Fog of war games. Currency mixers. ZK-rollups. Dark pools.People are realizing how powerful zero knowledge proofs are - and you too can use this power!I'll teach you everything you need to know about zkApp tooling so you too can harness this power for yourself.👇

1/ But first, why are Zero Knowledge Proofs (ZKPs) so powerful?

ZKPs are private by default, forcing developers to much more intentional about what user data they expose.

If you're still skeptical about ZKPs - check out this thread by @varunshenoy_! It'll change your mind.

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2/ As an example, and used ZKPs to shuffle a card on-chain without any trusted parties. ZKPs allowed players to submit proof they had shuffled correctly without revealing anything about the shuffle's result!

3/ Using these circuits to shuffle cards, it becomes possible to deploy an anonymous and decentralized version of any card game on-chain. This means truly anonymous poker, blackjack, etc, are possible to build!... I'm not saying anyone should do that. Please don't go to jail.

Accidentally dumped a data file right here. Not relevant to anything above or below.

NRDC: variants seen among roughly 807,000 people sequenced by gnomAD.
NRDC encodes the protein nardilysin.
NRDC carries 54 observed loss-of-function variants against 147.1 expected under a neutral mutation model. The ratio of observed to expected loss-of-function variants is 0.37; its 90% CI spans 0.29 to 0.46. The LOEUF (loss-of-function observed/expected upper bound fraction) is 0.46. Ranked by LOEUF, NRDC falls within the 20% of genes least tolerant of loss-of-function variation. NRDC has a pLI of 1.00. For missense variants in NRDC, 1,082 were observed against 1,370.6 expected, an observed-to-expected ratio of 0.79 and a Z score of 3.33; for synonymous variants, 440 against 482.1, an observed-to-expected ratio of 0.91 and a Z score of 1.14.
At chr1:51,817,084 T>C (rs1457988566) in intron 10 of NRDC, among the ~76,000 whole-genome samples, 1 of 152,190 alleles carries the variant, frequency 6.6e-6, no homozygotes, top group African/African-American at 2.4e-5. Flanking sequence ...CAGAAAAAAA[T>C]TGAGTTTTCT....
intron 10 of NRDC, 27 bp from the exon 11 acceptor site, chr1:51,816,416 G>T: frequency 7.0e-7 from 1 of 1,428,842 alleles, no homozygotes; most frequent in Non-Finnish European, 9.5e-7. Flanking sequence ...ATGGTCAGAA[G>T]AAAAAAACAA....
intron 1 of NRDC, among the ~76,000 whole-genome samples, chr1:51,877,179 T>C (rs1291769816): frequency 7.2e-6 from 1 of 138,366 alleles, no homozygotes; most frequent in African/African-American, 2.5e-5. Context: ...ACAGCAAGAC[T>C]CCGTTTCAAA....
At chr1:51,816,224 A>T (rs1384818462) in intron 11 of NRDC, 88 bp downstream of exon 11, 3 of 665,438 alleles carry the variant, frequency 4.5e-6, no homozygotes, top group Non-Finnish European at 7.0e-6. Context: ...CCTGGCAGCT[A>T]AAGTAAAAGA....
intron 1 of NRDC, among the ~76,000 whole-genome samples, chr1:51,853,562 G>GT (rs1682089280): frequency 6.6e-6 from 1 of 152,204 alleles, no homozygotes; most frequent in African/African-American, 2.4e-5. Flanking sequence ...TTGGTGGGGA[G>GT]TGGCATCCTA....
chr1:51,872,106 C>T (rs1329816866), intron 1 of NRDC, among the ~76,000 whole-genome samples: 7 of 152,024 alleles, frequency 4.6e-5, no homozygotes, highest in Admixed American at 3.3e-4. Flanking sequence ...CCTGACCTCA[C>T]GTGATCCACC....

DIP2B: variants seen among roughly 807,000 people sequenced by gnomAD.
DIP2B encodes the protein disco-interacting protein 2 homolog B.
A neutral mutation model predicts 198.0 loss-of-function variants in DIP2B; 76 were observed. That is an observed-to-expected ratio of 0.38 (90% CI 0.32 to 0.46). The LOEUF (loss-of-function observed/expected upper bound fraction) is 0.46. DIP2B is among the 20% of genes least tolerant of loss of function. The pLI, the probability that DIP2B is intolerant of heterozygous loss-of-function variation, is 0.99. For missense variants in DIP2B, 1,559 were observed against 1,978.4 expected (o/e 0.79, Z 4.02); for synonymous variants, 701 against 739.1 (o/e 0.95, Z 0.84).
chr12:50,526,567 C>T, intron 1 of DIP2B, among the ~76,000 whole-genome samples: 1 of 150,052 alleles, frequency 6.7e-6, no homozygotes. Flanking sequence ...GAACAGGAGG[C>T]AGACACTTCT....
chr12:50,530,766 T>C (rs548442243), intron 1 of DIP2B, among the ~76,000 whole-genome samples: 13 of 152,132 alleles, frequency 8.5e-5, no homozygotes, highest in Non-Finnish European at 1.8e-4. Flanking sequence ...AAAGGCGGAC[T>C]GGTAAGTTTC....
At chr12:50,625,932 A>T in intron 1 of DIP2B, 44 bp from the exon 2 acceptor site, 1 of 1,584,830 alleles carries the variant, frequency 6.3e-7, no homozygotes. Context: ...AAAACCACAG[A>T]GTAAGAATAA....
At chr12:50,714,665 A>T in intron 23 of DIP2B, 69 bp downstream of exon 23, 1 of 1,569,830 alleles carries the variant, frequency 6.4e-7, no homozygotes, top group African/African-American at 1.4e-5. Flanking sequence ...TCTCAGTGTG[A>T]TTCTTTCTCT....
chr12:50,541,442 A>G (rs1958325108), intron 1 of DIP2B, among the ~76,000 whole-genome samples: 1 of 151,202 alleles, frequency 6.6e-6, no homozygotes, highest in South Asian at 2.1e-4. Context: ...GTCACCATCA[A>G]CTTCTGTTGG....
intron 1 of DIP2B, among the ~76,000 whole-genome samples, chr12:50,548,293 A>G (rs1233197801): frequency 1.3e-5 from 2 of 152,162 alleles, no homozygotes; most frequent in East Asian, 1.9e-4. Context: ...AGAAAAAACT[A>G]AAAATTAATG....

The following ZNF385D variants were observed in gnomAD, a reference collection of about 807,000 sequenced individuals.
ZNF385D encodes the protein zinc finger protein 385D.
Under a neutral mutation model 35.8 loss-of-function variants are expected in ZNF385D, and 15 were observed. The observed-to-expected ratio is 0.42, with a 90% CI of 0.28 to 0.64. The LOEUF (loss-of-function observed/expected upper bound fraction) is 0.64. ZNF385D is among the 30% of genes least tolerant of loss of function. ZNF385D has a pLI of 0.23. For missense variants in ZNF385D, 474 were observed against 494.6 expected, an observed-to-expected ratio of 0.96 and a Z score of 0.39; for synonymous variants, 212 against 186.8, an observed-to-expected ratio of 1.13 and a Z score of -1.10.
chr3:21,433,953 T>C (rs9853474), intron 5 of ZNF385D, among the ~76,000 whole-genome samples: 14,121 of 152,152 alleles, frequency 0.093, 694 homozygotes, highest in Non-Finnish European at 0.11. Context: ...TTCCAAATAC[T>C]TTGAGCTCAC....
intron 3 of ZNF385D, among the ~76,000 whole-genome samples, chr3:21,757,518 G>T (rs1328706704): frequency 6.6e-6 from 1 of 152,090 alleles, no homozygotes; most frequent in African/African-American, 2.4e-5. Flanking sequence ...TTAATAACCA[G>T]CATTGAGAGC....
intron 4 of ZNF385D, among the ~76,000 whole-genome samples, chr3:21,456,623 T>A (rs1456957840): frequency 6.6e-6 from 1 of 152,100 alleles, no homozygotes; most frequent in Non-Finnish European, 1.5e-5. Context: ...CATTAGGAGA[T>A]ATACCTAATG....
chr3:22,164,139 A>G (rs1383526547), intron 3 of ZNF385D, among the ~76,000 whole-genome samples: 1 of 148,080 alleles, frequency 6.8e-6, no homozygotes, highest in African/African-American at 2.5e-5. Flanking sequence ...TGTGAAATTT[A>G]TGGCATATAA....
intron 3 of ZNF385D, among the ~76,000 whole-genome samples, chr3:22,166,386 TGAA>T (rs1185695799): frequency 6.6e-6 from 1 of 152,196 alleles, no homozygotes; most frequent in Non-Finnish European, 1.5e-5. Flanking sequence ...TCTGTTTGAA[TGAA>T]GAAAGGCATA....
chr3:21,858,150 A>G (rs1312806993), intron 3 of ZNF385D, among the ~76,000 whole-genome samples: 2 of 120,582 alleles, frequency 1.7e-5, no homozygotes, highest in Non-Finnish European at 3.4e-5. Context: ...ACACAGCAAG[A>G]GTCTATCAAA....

@mentions4/ So you've been convinced of the power of ZKPs and want to start building ASAP. But you might feel like a zero knowledge goof - where do you even get started?????Like any project, you'll need to start by choosing a tech stack for your zkApp.

@mentions5/ Outside of web3 stack choices (web framework, backend(?), underlying chain), you'll need:- a frontend domain specific language (DSL) or library- a backend proof system.These are constrained by where your prover and verifier are going to be deployed. Let's dig deeper!